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VOL. XXXIII.--NO. 8860. HELENA, MONTANA, MONDAY MORNING. FEBRUARY 6, 1893. PRICE FIVE CENTS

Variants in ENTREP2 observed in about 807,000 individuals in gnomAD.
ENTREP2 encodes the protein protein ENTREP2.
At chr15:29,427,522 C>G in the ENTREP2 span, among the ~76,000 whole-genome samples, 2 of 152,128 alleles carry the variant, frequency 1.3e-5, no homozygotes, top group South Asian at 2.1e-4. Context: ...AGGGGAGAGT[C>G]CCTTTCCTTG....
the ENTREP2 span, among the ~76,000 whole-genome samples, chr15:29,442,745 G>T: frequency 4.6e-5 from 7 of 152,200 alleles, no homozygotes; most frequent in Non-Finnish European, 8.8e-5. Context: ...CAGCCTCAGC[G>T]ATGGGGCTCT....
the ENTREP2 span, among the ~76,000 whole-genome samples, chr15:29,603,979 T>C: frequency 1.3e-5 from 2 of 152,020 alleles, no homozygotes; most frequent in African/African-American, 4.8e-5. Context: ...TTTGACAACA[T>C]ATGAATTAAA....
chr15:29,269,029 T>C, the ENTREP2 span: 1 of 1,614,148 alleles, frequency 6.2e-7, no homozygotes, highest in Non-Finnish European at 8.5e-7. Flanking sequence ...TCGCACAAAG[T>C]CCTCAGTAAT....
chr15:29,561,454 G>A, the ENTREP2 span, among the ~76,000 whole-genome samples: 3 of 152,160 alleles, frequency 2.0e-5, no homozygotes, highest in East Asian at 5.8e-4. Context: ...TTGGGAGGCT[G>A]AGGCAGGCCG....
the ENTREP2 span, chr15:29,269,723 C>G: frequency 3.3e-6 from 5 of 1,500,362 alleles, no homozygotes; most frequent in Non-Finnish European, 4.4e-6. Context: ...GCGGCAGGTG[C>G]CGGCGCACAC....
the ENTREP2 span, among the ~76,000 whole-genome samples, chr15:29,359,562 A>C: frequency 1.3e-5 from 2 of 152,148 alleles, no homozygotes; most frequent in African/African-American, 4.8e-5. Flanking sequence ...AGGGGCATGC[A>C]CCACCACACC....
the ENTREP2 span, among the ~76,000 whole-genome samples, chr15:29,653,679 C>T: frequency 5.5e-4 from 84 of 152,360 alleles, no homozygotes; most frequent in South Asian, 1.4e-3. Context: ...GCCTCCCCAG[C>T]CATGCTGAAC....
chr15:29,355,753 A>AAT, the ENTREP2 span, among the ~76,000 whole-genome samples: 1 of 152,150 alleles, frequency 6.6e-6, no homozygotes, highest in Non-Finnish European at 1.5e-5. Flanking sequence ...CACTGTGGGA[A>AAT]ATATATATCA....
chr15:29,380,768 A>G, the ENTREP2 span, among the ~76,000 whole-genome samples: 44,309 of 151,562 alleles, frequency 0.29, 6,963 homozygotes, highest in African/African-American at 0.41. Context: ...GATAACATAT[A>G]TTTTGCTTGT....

GANS & KLEIN ,· 04OGHUE To-DAY the referee in the great 1oo mile match for the skating championship and $Iooo, is empowered within twenty four hours notice to order the match to take place at some point on the Hudson between New York and Newburgh. A. S. Franklin who has held the championship since 1887 has challenged Joe Donoghue to a trial of speed, and John Ennis will also contest for the prize. A Clhance To economizo on a purchaso of Clothinq which is seasonable, Tailor-Made, stylish and desira ble, is a re~ollt of our reduction of TEN PER CENT. on all cloth ing in our e Lablishmnent. Does it become necessary to ad v,-rtise induc.rments to patrons who have favored us with their trade- -but the winter has been exceptionally mlild until the re cent cold wave, and we need roonl for Spring Purchases, wbhich will soon arrive. On ;uch a basis, we feel assured of increased sales. We are Sole Agents for Dr. Jaeger's CELEJIAATED SANITARY ALL-WOOL WEAR. GANS & 1LEIN THEY ARE AFIER PLUMS But Harrison Has Elevated Most of the Fruit Beyond Their Reach. Novertheloss There Are a Few of Them for the Many to Fight Over. Including Surveyor (Ieneralships, Land Oflmcee, Chiefs of Divllona and Others of that KincL WAsTIINOTON, Feb. 5.-Already a consid erable number of office seekers have arrived in Waeehbuton. and are looking over the ground, using congressional influence and otherwise making every effort to secure an advantage in the coming race for the offices which will he at the disposal of the incom ing administration. Many of them were he-e eight years ago, but wbhen Cleveland sesumes the direction of government affai e four weeks hence, they will realize that the classie le civil service, during the present administration, has absorbed many places thought to be desirable. The general lend office will still have a few places at its dis pasal, among the number seventeen sur veyors general, one each in Arizona, Alaska, California, Colorado, FlorJsa, Idaho, Lon isiana, Minnesota, Montana, Nevada, Now Mexico. North Dakota, Oregon, South Dakota, Utah, Washington and Wyoming. The salaries attached to these offices range from $1,800 to $2,700. There ale also 123 local land offloes with register and receiver at each, with salaries ranging from $750 to $3 000. Two of these offices are in Alabama; one in Alaska; Arizona has two, Arkansas four, California ten, Colo rado thirteen, Florida one, Idaho five, lowa one, Kansas seven, Louisiana two, Michi gan two, Minnesota five, Mississippi one, Missouri three, Montana five, Nebraska twelve, Nevada and New Mexico each four, North Dakota five, Oklahoma four, Oregon and South Dakota each eight, Utah one, Washington seven, Wiseonsin four and Wyoming six. 'I hen there areeleven chiefs of division in the general land: office who receive a salary of $2,500 apiece, one chief clerk at $2 000, ten principal examiners also two law clerks at $2,21250, two law examiners at $2,000, one re ceiviug clerk at $1,800, one confidential olerk to the commissioner who receives $1,600, and a number of messengers and layborers whose compensations range from $600 to $840. In the bureau of patents there are only a few very important places outside the classified service and this also is the case in the Indian bureau. '1 h pen sion offieo has less than fifty places above the lowest grade. 'lhe richest field for of fice seekers will be the postoffioe depart rwent which has the appointing of about 0;5.000 1 ostmasters. THEI JACKSON APPOINTMENT. Clarkson's Ceomienta on the Matter Lead to ,omle Diicusalon. WAsmIINOTON, Feb. 5.-The criticism upon the appointment by L'residenlt Harrison of Judge Jackson to euceed the late Associate Justice LaLutar on the supreme benhob, made by J. S. Clarkson and published this morn ing, was the subject of considerable discue sion among politicians. The fact that Clarkson had requested Senator Cullom to I protest ntainst the conol!rnation of Judge Jackson's nomination adds to the interest in the affair. Benator Cuilom was seen this nfte noon by a reporter and asked what action, if any, he had determined to take. H." raid he had been so busy with other matters he was unable to consider the subject and had nothing to say as to his intention in regard to the nonina tion. It is not considered probable by many senators that Judge Jack son's non:ination will be rejected. tiotwith standing there is consider able opposition to him n iong the democratio I lmbolse of the seniIate. They say Judge Jackson is not satisfactory to them as a party tman, and Sienator litrris is quoted as h:bviUg re ferred to him as no more of a democrat then the men on the other side of the chamber. One of the president's friends said this mafternoon that Cla ksont's sat:e ment that no other president eve, before appointed mn.mberes o the supremo bench froln the rlanks of another party is not well founded on fact. He said the prersid, nt had ta ptrecedent in the first rtpubllolion president for the naomiation oft rudge Jackson; that in 1813 ,l esident Lincoln nominated Stephen J. Field, a delmoerait, to a |lace on the bench which lField still retains. If Judge Jackson is now rejected by the sluntat, he said C'leveland of necessity almost would be conmplled to sOlnd his nameli into the senate naulti, ti:us teventing the possibility of the noatuina tion of a man who nmight be possessed of the undesirable qualifle tiona menrtioned by (Clrkson in his letter critlresirn the president's action. In thi cornllnection tHieator )oll h desires to have it stated thit the report that he is an it piloanti for the place on the lappremno brclh imadite vacant by tihe death of ,Jllticnaa IL,.atIatr is unt:ue; on the contrary hb volunteered to sayv toa the presicent that in lhi o;nilton tlh appoautee should be taken front Justice Lamar's circuit. I.iVEIY CONat;l 'iSIltN ti. Wi';':K The Time I. irowii S.illhurt l iad llly 'hings DiemandtRIL Attenti.on. WAtmtt,Tia'N, Feb. ,.-- l'o-suarrow will mark the ubeginning of tlhI lent four weoks oif the Fifty -cound congress, asld the clash of iateresti dtaunaudiut nattention wvhioh mast inevatably crias f orn the annluanoi malts mlads.e, prllnisel an exceedingly lively lecislative week. Tho subjects include such important measures as the bill for the re peal of the silver purobre acnt; the estab lishment of a national quarantine: the anti-option bill and that for the establish ment of a general banlkrupt law. Tihe vrobabilities favor the conclusion that leg islation nyon lmatters of general public nuo. ment accotuplished be the senate will ine almost entirely confined to anon bills as tlle appropriaitou commsltt '0 tallt call up. The rogramume of the housra for the week is fat' - I well outlined, except us respects the nuti-option bill. Ilatch for reasons of his own decuinee to say what imove Ihe intends to make with regard to it. Le has asked for ieooguotion in order to call up tile l'a - dock pure food bill MIlonday tand the speak er will give him the op-o tunity desired. Other maasse, o most likely to be oouieldered under suel eslono of the rules are the bill for the andmission of Utah; the bankruptay bill and the New York bIlldge bill. Wednesday is the day named aI the con stltation for counting the eletuoral vote and Thursday and Friday will bIe devoted to the disoussion of the cloture and the illver lqueetions. It oantlat t lilt told tt this tihe whether or tnot the ell'orte to fo-eao the silver question to vote will lie uccessful. The appropriation bills will monopolize most of the time of the house not oourLed by slilver, the electoral count and the sus pension of the rules. Time Salumon Interests in Alaska, WAaHINOTON, Feb. 5.-United States Flbsh Commissioner MoDonald does not look for any legislation by the present congress for the preservation of the salmon lisberles of Alaska. But his purpose is to maku at de ternined effort to secure legislation on the subject by the next congrens. 'I he commis sioner says it is lint osslble to impress upon the legislators the imnurtaince of the in duotry to the United States and the enorm ous pecuniary interests involved. C(nmmis stoner McDonald says if the salmon in Alaskan waters are properly cared for the industry would in a short timie 0Ir more valuable to the U)nited States than the sel ing interests in lia ing sea. over which thsie is so much discussion. Unless some reun lations are plovided by cougress he fears the indiscriminate catch of salmon will be g eat, and that the supply will be exhausted. (lChuck FIll of Statsfatcs. WAsnrNoroN, Feb. 5.-Coples of Seore tary of the Treasury Foster's report to the senate under the Sherman resolution of July last is in demand. The first part of report will be delivered to-morrow. It is one of the most valuable statistical reports published by the government and when rcompleted will contain a summary or out line of the bankingl history of the govern ment from its formation down to 1832. with a full and complete history of the state and natioal banking system from 1832 to June 30, 1892. HE PREFERS MITCHELL. But Corbett Says the Engllshman Must Put Up $10,000. ST. Louts, Feb. 5.-Jim Corbett, the pugilist, said in an interview here: "I will fight any man in the world next December or January. That is about as early as I can expect to get in the ring. My World's fair theatrical engagement will keep me busy until October, and then I will want six or eight weeks to train. After the Hall-.Ftz simmons affair isover Iwill receive proposi tions. Hall will win that fight, by the way. If Mitchell don't want any of my game Jackson or Goddard can get on a match." Corbett added that after his next tghbt he will make a tour of the world, giving spar ring exhibitions in every city of note. When p eased to talk definitely ibout a fight with Mitchell, he placed financial figures so high and in such absolute posting terms that scarcely any pugilist living will be able to meet them. He said: "I will fight Mitchell with the understanding that he puts up $10,000 of stakes in one lump sum; deposits of $2,500 installments won't go with me. This confounded Englishman is as keen as a ferret, and if I were to consent to his depositing $2,500 instalments, he might forfeit to me after the first instalment. Of course, this would lose him his $2,500, but the advertisement he would get out of it might stand him in good stead. I insist, tberefo-e, that he hangs up $10,000 as a first deposit. I will fight him for any sum no to $.0,000, and before the club that of fers the largest purse. It strikes me that there would be more credit in my whipping Mitchell than any other of my antagonists. I can whip Mitchell sure. In the first place I am his superior in height and reach, and I am perfectly satisfied that no man living who is omy inferior in length of body and arm can master me." Goddard Says He Can Lick Corbett. SAN FANctisoo, Feb. 5.--'I think I can whip Corbett sooner than Peter Jackson can, because I wouldn't lot him rest a mo ment," said Joe Goddard, in an interview here, "They may say what they like about his cleverness, but I don't consider him a puncher, and a twenty-fon--foot ring is none too big for me to catch him in. Cor bett was at his best when he met Sullivan, and daring the whole twenty-one rounds there wasn't a blow at nuk that could hurt me. Choynski out me up worse than any one I ever met, but he did not daze me. The worst lick lie caught me was on the chin. It was a righthander and it split the flesh as if I had been slashed with a knife. Maher is a still Iuncuer, but he didn't hurt me any. I have yet to find the man who can daze me with a blow." QUEENSLAND UNDER WATER. Mt ucl Damage Done to Property and Many Liven Lost. IBRIIIIANE, Feb. 5.-Incessant rain for ser eral days has caused floods throughout Queensland. Part of this city is under we to!. Many houses are submerged to the second floor, end the water is still rising. Ilundaberg. Ipswich, and Bandanman are threatened with total demolatlon. The in habitants left their houses, and those who have not fled to higher lands have taken refuge on the roofs. All domestic animals antd hundreds of cattle were drowned. A Inrgo loss of human life is reported, but nothing definite can be learned as to the total number. A mine near Bundemama wae iloojed and several miners were drowned, In li wich manny houses col Ilae, d. Boodna is entirely unde- water nnd the ibathbltantts have taken refuge on the hills. llundr ds are homeless, without lshlter and without food. T'ie loss of property will be ot oranouo. Cattle were drowned by thonousan,. Railwave were washed out and telegraph lines broken. All reagula ity of traved has ceased. Most of the railways have stopped running trains. 'h 1l.lllarine 1I'nt Tieo ta o Fight. ]LONOn. Iebi, .i--A ideaiatch front Zanzi bar says it band of iomalha attacked and hant Kualanaver. agent of the British East Africa ctoitllany naIt uanrds. Marines fronr tlah lBritia.l wa.rslip Widge:n finally landed nnl ealteo killing cight Somalis put the of liars to flight. T'ih tt.l ttnt .ell r Defetated. l,t.itn', ob, b.---A dispatch frotm t. 'Thomas sany tle litottentots recently at tacked l1usareatdes, in Lower (uienate. The l'ortuguose drove tholla back after a stah born Jli.ht in which thel Ilottentots lost thetr chlef and fifty naen. lirtre in it Vesry Iiadl Way. L,ttDan. Flou.5.--A dispatch from Iournro mnouth says Corneliue lorz lhas grown worse gtlditnily sm.oe last evening. Ha fIver has risen, andl the action of tie hear has crown weaker. lie is greatly de tressed. All Qulllnt at Cairo. ('.\lls, IFeb. 5.--The khedive was received with extlretol onthulsisnla to-day at Assacot, lohere he went to open tile new railroad. Despite I revions repoorts of rebellion all is now quiet in tile city. Anothellr Italti ltlttller Arreostted. Holr, Feib. . Macheel Laaarouni, nephew of the Imprisoned cashier ,of the Hlank of Houe, was arreested to-day charged with iribery and forgery in his relations with the bank. Anxiin Sllt(ekihsato Wats IIttinges. cltNAN rIN, t'n., Feb. 6.--Mli Annta E. i)Ieknlson, the lecturer and actrass, has brought three suite in thle district court dlirecated Rgainat eight pal ils, (to of wholll erei Illysiolante, askinlg llainuiag atggregnlat tte $12aa,ttW frota persic Iitst ltatuntal in lodlaing her In an inlanut asylum at tlan rills In February, 181)L THE PINE RIOGE IFFAIB, Further Particulars of the Killing of the Four Cowboys by the Indians. A Rumor That Two Sticks' Friends Were Moving Toward the Agency. (Capt. Brown, the Agent, Does Not Fear Any Serious Trouble -- Various Stories of the Matter. OnMAno, Neb., Feb. 5.-A Ilee special from Pine Ridge Agency, S. D.. says a telegram heus reen received by Capt. Brown. United States Indian agent there, from the foreman of the government beef contractors, that he was at the beef camp during the recent killing, but made his escape. He stated positively that four cowboys were killed. No reason wne given for the killing. Every thing points to wilful and cruel murder. A detachment has been sent from here to bring the bodies of the white men to the agency, but friends of the murdered men refoused to let the police have the remains, claiming they would attend to the burial themselves. It has since been learned that the four bodies were sent to Hermosa, . D., yesterday. Information has been received sinoe the engagement between the Indian police and Two Sticks' band that it was to the firm and heroic stand that Young-Man-Afraid-of-Hei-Horses took which prevented another outbreak. A courier just in from the camp reports that Two Sticks aod his sons returned two or three hours after killing the cowboys and took all the bed clothing in the camp and stole what food was in sight. It is a difficult matter to obtain reliable particulars. Last night it was rumored that Two Sticka' friends were moving towards the agency and going to fire the government buildings, but this cannot be confirmed. A blizzard is now raging, which is usually more cooling to Indian ardor than any thing else. Capt. Brown does not fear serious trouble, but others have not the same opinion. THE STORIES DISAGREE. One Says Two Sticks' Crowd Opened Fire, the Others Says the Pollee Did. RUSrrILLE, Nob., Feb. 5.-Another ebap ter in the shooting tragedy on the Sioux reservation was enacted Friday evening near the spot where the four whitemen were killed. As soon as the news of the tragedy was brought to Pine Ridge, Capt. Brown. the agent, dispatched twelve mounted po loes under command of Police Sergeant Joe Bush, to the scene of the shoot ing, with instructions to arrest and bring in the perpetrators of the bloody wolk. When the squad arrived at its does - tination, Two Sticks and a crowd opened fire on them and a skirmish took place, re su!ting in the death of two of Two Sticks' party and the wounding of one of Two Sticks' sons and another buck being killed. Two Sticks was wounded slightly in the ankle. Another account of the affair is that when the police squad reached the camp they opened fire on the party they were sent to arrest without warning and without mak ing their mission known. and shot them down in cold blood, but this version of the bloody affair is not aoedited. More definite details concerning the kill ing of the four white m,,n reached here this evenling. Although the names of all the men cannot Le definitely larned, yet it is known Clark Bacon and his eon-in law were not among the number. The mo tive for the murder cannot be definitely learned. Promoted for Bravery. WASHINoToN, Feb. 5.--The following teles grams wore eychanged between the acting commissioner of Indian affairs and Agent Brown of Pine Ridge to-day, growing out of the murder of the four cowboys by In dians belonging to Two Sticks' band: Commissioner Indian Affairs, Washing ton, D. C.-PleIose telegraph aproval of apuointment of First Sergeant Joe Bush as second lieutenant. John Sitting Bear as first sergeant and I'rivates Running Hawk and Two Lance to be sergeants, for bravery and gallant conduet; also increase police ft co to eighty for emergouoy. Comlmelnd inl highest teRlm the loyalty and effective service of Young - Man - Afraid - of - lihs Hlorses. (Signed) A rNT litnowN. The acting comminseoner replied as fol lows: "This office approves the irolmotion of First Sergeant Joe Bush to be second lieutenant, Sergeant John Sitting Bear to ,e first sergeaent and Privatee Biunning 1hawk and Two Lance to be sctreanlts, for bravorg and gallant conduct. You are an.. i tlroiizod to increseo thie police forctit 0: I eighty, to continue so Iing as the eoner goncy requires it. The o.licon fully ap,,re: csltes the loyal and eficint ser vicers of \'oung-Man-Afraid.-o f-li -ilo. ses." ItRporteod All Quiiet at. I'Iino, Itide. IlAIrD CITY, S. 1)., Fob. 5.--lteport o ( danger from discontent aluOln the line Ridge iudians, caused by thle tnuloF of four cowboys Friday. nro unfounuded. llutuphrey and Stenger, the cattle lCn, wereo killed by a wauderiug band na till re suit of a quarrel eat ly lu the week. Col. Carlton, of Mlade,, hats coultrlnaudd hbie o dora and no troops will be selnt to fine liidge. lEve:lyttlig is reported quiut thele. Mellagher Coulity Irrlgatlon I)ololgatet. TO\wnsEsIn, Feb. ,i.--Spevial.I --The fol lowing are the muembers of the Meagher county dulogation to the irrigation coInuvnu tioin, to be held in lelsna Feb. '1: iD. E. Folsom, William l'arborry and William Sutherlin, lWhitl Sulphur Springs; N. 1. lteneon, Castle; J. tF. Knnouse and W. E. 'T'ierney, 'I ownsend; Thomas Coonao and G. V. Stafford, Canyvon Ferry; WillIall Tiernoy and William Muller, Neihrt. To Its Hanled lIna Year. uIllat.INtlTlro, han.. Feb. 5.- The jury in the case of Frank Lewis, the Waverlv b.ank robber and the muan who murdered A. It. lngtleman, after beIng out twelve hours. nlto last night returned a verdl.t of guilty of imnrder to the I rst degree. and he was sentnuced to be takou to the ptnitentiary tor onue year and then hanged. Thl'y Iave Plenty of Mloney. New \'oui, Fob. 5.--The bantk statementll shows reserve, deorease, $4. 18.9,tL1; sperie, deorenae $1,9l1.til.i. The hnloks new hold $N18,(;I,t0X) in exoess of requlremente. Edward II. M. lust, a New York mnllliou airs, oonmmltled autolde Friday night by shooting. No cause. (iIlASS WOIRKS IN I)AllO). Fine )ep)e.Itse of itite Near Newport t)Lher MIlnlug N.w. HivowAN, Febh. Ii.- [Hpecial.]--Near the new town of Newprort, in the I anhendle of Idaho. where tli (inet Northern erorsse thie l'nd d'Oriells river, there exriat vynt deposits of slloa., such as iH used in maklinri glass. In the samee locnulity fine glass iandl is also foulln. Hpecltllrr.n of the silica arnd sand were recently rent to J. tI. Mtie, of the Ogden Coal and (ine roimpany, Ogdern, Itah. A letter has beens received frinm Mr. Main stating that hin had examined tihr samnples and found found them well suited for the manufacture of glass. Th1e whIc i he found to contain a little iron, but not enough to seriously injure the color ,of th. glass for use in flaskp, bottles and fruit jars. lie also stated that he would shortly visit Newport with a view to ectabllshing a glass ruanufactory at that point. IRobert A. N. llrivey. of Mila.r, on the Great Northern railroad, s in S.Nokrne in the interest of hls alnrinum claim near the former point. 'I he clay is found in a coni cal hill about eluity seres in extent, and Harvey proposes to organize a coauplnv to work the deposit. I he clay is orear-col olored and about the mae dergree of bard ness as chalk. It may be of interest to far mere upon whose farms alauminum clay is found to learn that the secretary of the in terior has recently decided that aluminum does not come under the mineral act, as it exists in a gl eater or less dearree in all pil ts of thr, cnontry in various earths and clays. A $10.(00J cash deal was made here the other day. whereby W. i'. RIussell and his partners become sole owners of a group of six prospects on Carpenter creek in the Hlocan country. 'lie claims are tie Wol verine, Horsier. Eml,re, Centennial. Web foot and Georgia, and are located near the famous Noble Five group. This prire $10,000) is considered absurdly low, con alderriu the vest sanritity of ore in sight. It was like sellung $20 gold nieces for $111 each. The ledge meaasres from six inches to ten feet in width, with walls of a Hhale formation. The ore is reay corver Itltd silver, and assays from 1,200 to :,.00(N ounces of silver to the toln, arid 1I per cent. coip er. A mile of wagon road will be built in the spriny, connecting the grout with tie Cat penter creek-Kaslo road, when shipping ore will be commenced, Rlussell and his part ners also own two adjacent claims, the 'tiger and Keno. On the former a pros Specting tunnel is now in course of construe tion. The Nirprise orine, in th, same neirhhoriood, iha 400 tons of ore ready for shipment, which will run over 300 ounces in silver to the ton, and i0i per cent, lead. This ore will be sent to Montana smelters via Kailo and the G eat Northern railway. There is now pending in the Idaho legis lature two bills for the establishment of a state school of mines. Th, first bill intro duced, to locate the school at Osborn, in the C.rmr d'Alenos, was drawn up by Judge W. 1B. Heyburn, the noted mining lawyer and politician. Representative Crane, of Kootenai county, then presented a bill to place the school at Coiur ei'Aline City. Of the two points Osborn is undoubtedly the more suitable, as it is in the heart of the mining region, whereas Crour d'Alene City is pros erly an auriculturat and lumbering town, and has not a fint fide mine within twenty miles. It is iequired that the town securing tihe school shall donate to the state a suitable mineralized ledge for ex perimental purposes. The matter comes up for a final discussion on Monday. Feb. 6. SOME STARTLING EVIDE.NCE. Expected in the Investigation of the Whisky Trust. CurriOAo, Feb. 5.-The News-Record will to-norrow publish a stoay to the effect thtat an old-time member of the whisky pool and subsequently of the trust, now living in the city, will be called before the congressional committee investigating the whisky trust. His testimony is likely to be sensational, as he hba been gathering letters, telegrams and papers showing the omethorts of the trust. Inside facts will be detail,.d of the alleged Irauds egrunat the government since ],S(3, in whlch turny prominent politicians of the p esent time figure who htve been from time to time connected with the in ternal revenue department. ()ne sta:tling feature of the evideuc., it is said, will be an account of the attempt at destruo~ion of the Echufeldt digtillery. IN TlHE HANDS.OF A 1MOB. Spofford's Point raid to Be at the Mercy of Armned Negroes. Rwtrntos.r, Tex., Feb. ..---The wildest rumors prevails hero over a report, fronl bpofford's Point stating that the town is under the control of an armed morl, of neo groes, who are threatening the lives of the whites, and applying the torch. A large posse of citizens was summoned and will leave for the scene as soon as the iouthern 'acifloe tassenger train arrives from the west. Aleady a number of white men have left on horsebaick. arnd rhighboring towns have been telegraglphed to for rein forcemulits. totr lieteiriptr anr Wri:rdrorlr Aiittrhod. Misot riA, leb. b. -- Special. I-- [he Mae cot theater was closed to-day. For the past two months it has been run by Savillo & hililadeau under lease from Win. Simons. A week since Ililladenu drew out and Sn ville conItinuoId. Yesterdrry Stsonlls iln formed Saville that tao businose wile totl tsatisfactory and tlhe house lunst close. LThi mtorninrig aiu IttachliRent wias ilied on the ibox receipts and Savillo's wiriroble uand trOunk. for a s.all nitrrourlt, and there are several olthers r.,adv if anllytlhing can be foulnd to put thriru ou. This evening ther' is aiu aurty crowd of tororimure intd btert Ientlers, who havie notli seen their salaries for the past week or two. a 1iil-t of Itiietiosru i n lrainr M~lAIrt . Feb. -I.--- 'Th excitelllrr.t i-t.usrd' ilnong th liomnan t'thollcs by the operling of a protestant chureh in this city srevcrnl weeks rig.', still threatoale truiable. Wlhen the pirlresi i itnts ariiriribleId to-anty Ithl rfould i sti rotng ftirIe ,I pole si nd about it hilii vr-i ,if Ii o'lr \l ' llnlr tlu'lnlr . I irrr Sile oii ruerti's ri petr ri wa- exllloded a low ystrds trolt thIe chlincn. 'lhi-orn pnruhlurnnti sid It vilisin wvr r woudiiridit anil the seirviices were uit short'. I lie erioigregttion hurried It pause tli the th a thent'e. Notilllg was ascertalined ans thu identlity of the person who expl-oded tIhe irtard. lirs. Whitneyi'la Ietlnh. N ps 'iolt, Iebl. 5.-'IThe death iof Mrs. W1. ('. Whilur itins awakened widespread syis athiv throughlout the country aind all dil telegrams antid Ie saesges of cntdoleelle wets r-eceived by the fa iiIyv. 'I ho funellrl will Ilke l llase at Ill o'rlct'k Tuesdaly fore Inolin trosu ht. Ilarthilhnnew'I church. Silnd sloon aveinuei. Mrs. Whitney fully dleserved the ua rr oif serlirl Ilotder. Shei surpassedt itn of the eabariued rirrl, outside of whirch such an expert as Ward AlaAlltater holds thlere Is tinll sielty. To Itoek liLr a tisslsng stell.ter. MAN FkAian-rero, I'FIe. 5.--'the I'aeitlc mail steamluer bari ,lJuni loft here this aftarnoon to search for thrlt'ty of P'eking, now nearly two weeks overiue. bihe carried half a dozen exllert ioIihitliits, englineers and rmetal worknrs, ti.rgther with spare shaft irg sanid each Oiltr sunchiuerv ts is likely to have givenr way on the 'eking. The anltry and storeroom is full stacked also. ENGLAND DON'T OJECTl. She Would Like to See the United States Annex the Hawaiian Islands. An Alliance of tho English .Doak ing Poople thue Groat Object. lThe I.onelon (:orrespondent or a New York lPape|r TIibra leuias /Jp the, situation of AlTalra. Nrw Yrnis, 'eb. 5.---Ielgrdling England's attitudo in the liawaienu affair the Ioadon c,rroapondent or a morning paper cables: "Whatcvor manny be said, I"niland at heart would be glad to see Amerien annex the Hawaiian islands. She has too much to look after hberwelf and doos not want themn, but does not want any other county except the United States to interfere. Her atti tude, as voiced by a upienker te-day, is that the first article of l"ngland's foreign pol icy in the fnture most be the cultivation of Identical interests with America, with the ultimate aim of forming a great defensive alliance of the English wpeaking powers, a course which the netural ax anslon of her interests prescribes to her as necessary. I A states man who can cee beyond hie nose cannot fail to note the tendencies w.ich are Irre sistibly driving America from the comfort able doctrine of negation in the Mon roe doctrine. Her interests and her res ponsibility ab oad grow in spite of her, and become too great to permt her to continue in the old and blissful indifference to external affairs. An aliiance of kindred blood, kindred apeech and kindred inter eats will be that between the two great powers of the English speaking race. They two will be able to stand for civilization against all its enemies, and may prove the ultimate saviors of culture and peace." AWAITING FURTHERI ADVICES. Nothing Likely to be Done Till the Neat Steamer Arrives. WASnrOTOrN, Feb. 5.-The members of the Hawaiian annexation commission spent a quiet Sunday, passing most of r their time in their rooms. 'he commission era do not expect to have any statement to make to the public regarding their errand till after the conference with Secretary Foster. It is stated that the conference between the secretary and the commission ( ers will not be anything more than formal t until after the arrival of the next steamer t from Hawaii, which is due in San Fran a cisco on the 8th, bringing further advices as to the situation of affairs uPon the . islands. Speaking of the probable course of events on the islands, Commissioner Carter said this afternoon that the pro visional government would not undertake any legislative action pending negotiations with the United States upon the subject of annexation, exceit that the advisory council would probably repeal the lottery bill which the recent leisalature passed. As long ago as last November Minister Stevens wrote a letter setting forth the a I vantages of the Hiawaiian islands to the United States, and the desirability of their I alnuiition by this country. TILHE PRINTER WON TIIE FIGHT* A Desperate Eneonnter in Illinois That Was Gory Froml tilse tart. FT. Louis, Feb. 5.--Oue of the best fights that ever took place in this section of the count'y was pulled off this evening in Madison county, Ill., about ten miles from St. Louis. The contestants weae Harvey Sharps, a local printer, and Frank Crosby, boxing instructor at the Pastime olab in this city. The purse wus $500 and the winner was to get 75 per cent of the gate receipts, amounting to about $500. Every round was bitterly contested, and at the close both mien resembled more a mass of bruised and bloody pulp than anything else. Shrl)pe's savage blows on Crosby's stomach sickened the latter, and caused hini in the seventy-seventh round to be de clared the vlctor while his opponent hung helplessly unto the ropes unable to con tinue the contest. Won Iila $5410 in Two Rounds. P..N ANTO'IO. Tex., Feb. 5.-An exciting prize fight took place at lan early hour this mluoning in the room of the Mission ath letic club., between Steve Butter, light weight olhnlpipon of Texnes, and Clarence Witters, light weight champion of the southwest. Waters was knocked out in the . conud round. '1 he fight was for a purse of An Outrage by Medical Students. Vr. Josr.ni, Mo., Feb. d.-Early this morninc. Emmott and lt ogene Robhison, while peassing a dlreputablle resort, on Main street, discovered a hnulan head stuck ou the iron ptiket feince in front of the place. 'The head was freshly out off. and at :sat I it enu supposed a murder had been coin untied. I tie head was recognized as that of Joliu Iltun. a well knowri German, who died or I arilisis it the Northwestr-ern hos pit),ll eollrir. I) urling aturday night ia ianrty olt illlleal students broke into the honlittal, cut oil the head anid carried It to the [aovre t he'ro it wose fouii t and afterw irds pI'a'ed it ont the fence. The college is hold ml ain iltvestigatiotn and the authorities ao sesarhilg for the lerpotratels of the outrage. I uppeo r Works BIurned. lursEcorr, Ariz, Feb 5. -Fire occurred this morning at ('opper lisina, destroyinu the entire reduction woa ks i the Commer caal Miiillng oupanlly, outstaiing ot smelter, c tiilortlcation and leacling works. It is difll cult to acorl tll the exact loss, as no rep Sese.intitve of the company is hero who can g u it, but It is tiot less than $150,000 end lmay reach $t200),UOWl. None of the local tinllsurnce aoeuts had sver placed any iu siarance and there was none on the property unless placed from the New York office. Shbe origin of the fire is unknown, bat by so ome is supposed to be laeetndlary. Wl' Il Exhibits t'rezel. tO'ut .o, Feb. 5.-The entire collection of light wines sent from New Houth Wales to the fair has been frozen and is useless for exhibition purlposes. 'lhll exhibits f out that country were the tfrat to each Jackson Park. Although the installation bureanu was not ready to, receive them, the exhibits were promptly transferred to the buildings. The authorities et Hyduey has beearn telegraphed to to ask the wine-growers to duplicate the collection at once. Five MIIle Amateur skating Recortd. MtaNNatOLt.is, Feb. 1.--John S. Johnson to-day lowered the five mile amateur skat ing record, nmaking the dietancein 15;:20 4-". I)oneghue's record for the same distance was 5I:i6i 2-5, and lasgeun' "profesiluaal" I;1b.